Another common feature in the religious landscape is the organization of religious camping events. These camps are usually organized for children and the youth. One that stands out for me is the annual “Easter House Party” (A youth camp) organized by Scripture Union - a Para-Church group because of my close association with such camps while in my teens. These camping events are replete with religious exercises such as Bible Studies, Sermons, Prayer, Singing but also some fun stuff such as a variety of games/physical exercising routines, socialization and many more.

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Paragliding Festival

Another feature of Easter festivities in Ghana is the paragliding festival held annually at Kwahu in the Eastern region of Ghana. Many Ghanaians and foreigners alike travel from far and near to participate in this festival of spectacular aerial fun, ceremony and music.  During this paragliding festival, tandem paraglider pilots congregate from many parts of the world to fly local Ghanaian spectators and foreign visitors. The festival is open to solo pilots as well. Traders at Kwahu cash in on the festivities to rake in lots of profits. Suffice to say, there are usually lots to eat and drink, that is, if one has the funds.  One would say this is typically Easter, for some Ghanaians and foreigner.

Entertainment / Merry making

Closely related to the paragliding festival is the entertainment and merry making associated with the celebration of Easter in Ghana; it is no doubt a fun activity but I decided to look at it separately from other entertainment programmes organized during the Easter season. During the Easter festivities entertainment programmes are all too common. One would easily find notices and advertisements about Beach parties, Music concerts, Drama shows and many such activities. In more recent times, Uncle Ebo Whyte plays and other plays are staged in theatres and are highly patronized by both the young and the old. Truth be told, Easter can really be a great period for relaxation and wholesome fun with family and friends if one has the funds, as it were.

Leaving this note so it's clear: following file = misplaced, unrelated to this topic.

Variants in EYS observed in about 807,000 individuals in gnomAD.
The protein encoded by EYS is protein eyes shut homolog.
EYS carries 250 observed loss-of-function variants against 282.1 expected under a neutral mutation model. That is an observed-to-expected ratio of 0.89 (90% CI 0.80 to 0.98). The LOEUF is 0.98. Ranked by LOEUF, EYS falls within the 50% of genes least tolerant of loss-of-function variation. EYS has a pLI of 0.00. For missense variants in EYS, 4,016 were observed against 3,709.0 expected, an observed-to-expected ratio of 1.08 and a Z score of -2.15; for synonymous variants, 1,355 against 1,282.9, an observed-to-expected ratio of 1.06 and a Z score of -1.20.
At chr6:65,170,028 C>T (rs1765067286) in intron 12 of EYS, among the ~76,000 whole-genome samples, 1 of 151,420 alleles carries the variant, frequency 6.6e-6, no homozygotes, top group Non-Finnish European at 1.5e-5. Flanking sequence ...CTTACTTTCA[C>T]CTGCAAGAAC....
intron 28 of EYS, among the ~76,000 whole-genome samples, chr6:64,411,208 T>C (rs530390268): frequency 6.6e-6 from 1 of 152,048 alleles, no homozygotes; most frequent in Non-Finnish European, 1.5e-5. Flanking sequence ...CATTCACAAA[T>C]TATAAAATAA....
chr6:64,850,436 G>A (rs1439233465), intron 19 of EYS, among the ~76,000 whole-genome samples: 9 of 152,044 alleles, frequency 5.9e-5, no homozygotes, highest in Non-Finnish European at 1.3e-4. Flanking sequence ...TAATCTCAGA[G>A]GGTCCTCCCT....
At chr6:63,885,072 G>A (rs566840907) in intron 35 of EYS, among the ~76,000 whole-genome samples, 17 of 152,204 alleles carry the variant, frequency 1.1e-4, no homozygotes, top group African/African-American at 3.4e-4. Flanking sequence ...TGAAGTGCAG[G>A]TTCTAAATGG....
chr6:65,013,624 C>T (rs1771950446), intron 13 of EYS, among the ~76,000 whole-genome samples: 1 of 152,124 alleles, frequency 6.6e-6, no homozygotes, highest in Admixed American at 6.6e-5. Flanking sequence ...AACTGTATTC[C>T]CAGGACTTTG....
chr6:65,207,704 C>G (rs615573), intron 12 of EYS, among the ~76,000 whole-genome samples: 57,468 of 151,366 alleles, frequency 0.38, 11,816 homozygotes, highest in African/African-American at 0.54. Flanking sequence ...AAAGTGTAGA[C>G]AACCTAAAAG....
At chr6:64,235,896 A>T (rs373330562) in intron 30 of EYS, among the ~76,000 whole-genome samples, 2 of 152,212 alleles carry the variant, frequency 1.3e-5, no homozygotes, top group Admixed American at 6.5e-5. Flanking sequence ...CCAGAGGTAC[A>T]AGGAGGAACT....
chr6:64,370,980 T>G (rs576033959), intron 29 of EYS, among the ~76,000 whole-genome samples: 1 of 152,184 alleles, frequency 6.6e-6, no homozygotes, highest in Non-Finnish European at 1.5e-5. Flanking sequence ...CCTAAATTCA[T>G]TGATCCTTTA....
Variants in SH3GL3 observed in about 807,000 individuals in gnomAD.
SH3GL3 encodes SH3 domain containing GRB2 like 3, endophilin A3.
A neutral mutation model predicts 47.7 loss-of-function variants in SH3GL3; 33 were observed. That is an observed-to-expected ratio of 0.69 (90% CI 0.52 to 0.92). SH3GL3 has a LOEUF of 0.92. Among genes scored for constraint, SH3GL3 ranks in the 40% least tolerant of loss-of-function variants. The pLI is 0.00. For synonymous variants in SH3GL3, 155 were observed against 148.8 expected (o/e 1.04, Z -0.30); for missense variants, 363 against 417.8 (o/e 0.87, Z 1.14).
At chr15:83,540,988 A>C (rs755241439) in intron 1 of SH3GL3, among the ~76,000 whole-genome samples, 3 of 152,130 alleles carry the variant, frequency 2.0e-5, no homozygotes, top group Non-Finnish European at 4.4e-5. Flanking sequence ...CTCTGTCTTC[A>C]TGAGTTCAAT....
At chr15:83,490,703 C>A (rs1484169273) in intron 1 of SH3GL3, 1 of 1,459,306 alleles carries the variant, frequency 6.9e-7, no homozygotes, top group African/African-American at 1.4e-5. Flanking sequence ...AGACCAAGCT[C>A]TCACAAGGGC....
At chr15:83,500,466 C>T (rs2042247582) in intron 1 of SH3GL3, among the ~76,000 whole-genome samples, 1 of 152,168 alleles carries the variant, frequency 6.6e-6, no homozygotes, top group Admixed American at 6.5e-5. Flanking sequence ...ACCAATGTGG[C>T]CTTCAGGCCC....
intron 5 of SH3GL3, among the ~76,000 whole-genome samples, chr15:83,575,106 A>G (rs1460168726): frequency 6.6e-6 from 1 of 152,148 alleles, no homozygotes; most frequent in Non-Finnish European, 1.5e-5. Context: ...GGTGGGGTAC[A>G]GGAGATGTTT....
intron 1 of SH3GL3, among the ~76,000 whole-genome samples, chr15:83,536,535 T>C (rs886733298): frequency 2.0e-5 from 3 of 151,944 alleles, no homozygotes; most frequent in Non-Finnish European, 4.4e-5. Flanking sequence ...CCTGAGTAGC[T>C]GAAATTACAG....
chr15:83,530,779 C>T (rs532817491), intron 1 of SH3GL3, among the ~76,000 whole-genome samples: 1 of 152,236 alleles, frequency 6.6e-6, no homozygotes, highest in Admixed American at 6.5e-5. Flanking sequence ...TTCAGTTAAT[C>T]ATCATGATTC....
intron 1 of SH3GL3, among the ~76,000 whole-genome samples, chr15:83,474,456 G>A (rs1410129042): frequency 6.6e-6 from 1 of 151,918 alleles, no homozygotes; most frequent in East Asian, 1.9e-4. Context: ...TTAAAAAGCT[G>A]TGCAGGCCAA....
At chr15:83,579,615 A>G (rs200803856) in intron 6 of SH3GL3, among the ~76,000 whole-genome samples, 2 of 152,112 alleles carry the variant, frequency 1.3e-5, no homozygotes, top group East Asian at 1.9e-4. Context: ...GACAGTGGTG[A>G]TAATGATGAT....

And yes, there is the “picnic.” Picnics as used during Easter festivities are typically get-togethers organized by churches and groups of churches on Easter Monday. These are usually great fun times. Eating, drinking, games and socialization are common features of Easter picnics.

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Acts of generousity 

Somewhat akin to the father (God) giving his son for the salvation of humankind because of his love for humanity (the Easter narrative), there is also the sharing of goodies with family, friends and neighbours. Annually, during this period some individuals, corporate institutions and churches organize parties for the under privileged and vulnerable; donations are given to orphan homes; gifts are given to orphans, widows and prison inmates. The mentally retarded are not left out of the celebrations as some receive food and drinks from some members of the community and charity organizations.

This has fundamentally been an attempt on my part to give an overview of how Easter is celebrated in Ghana. Trust me, it is by no means exhaustive but it sure paints a picture of celebrating Easter the Ghanaian way. And less I forget let one and all endeavour to make this years` Easter celebrations a pleasantly memorable one and do well to keep in mind the true essence of the season.

Written by Daniel Dela Dunoo (Freelance writer, published author, professional marketer, theologian and founder of Top-notch Writing Solutions, Ghana)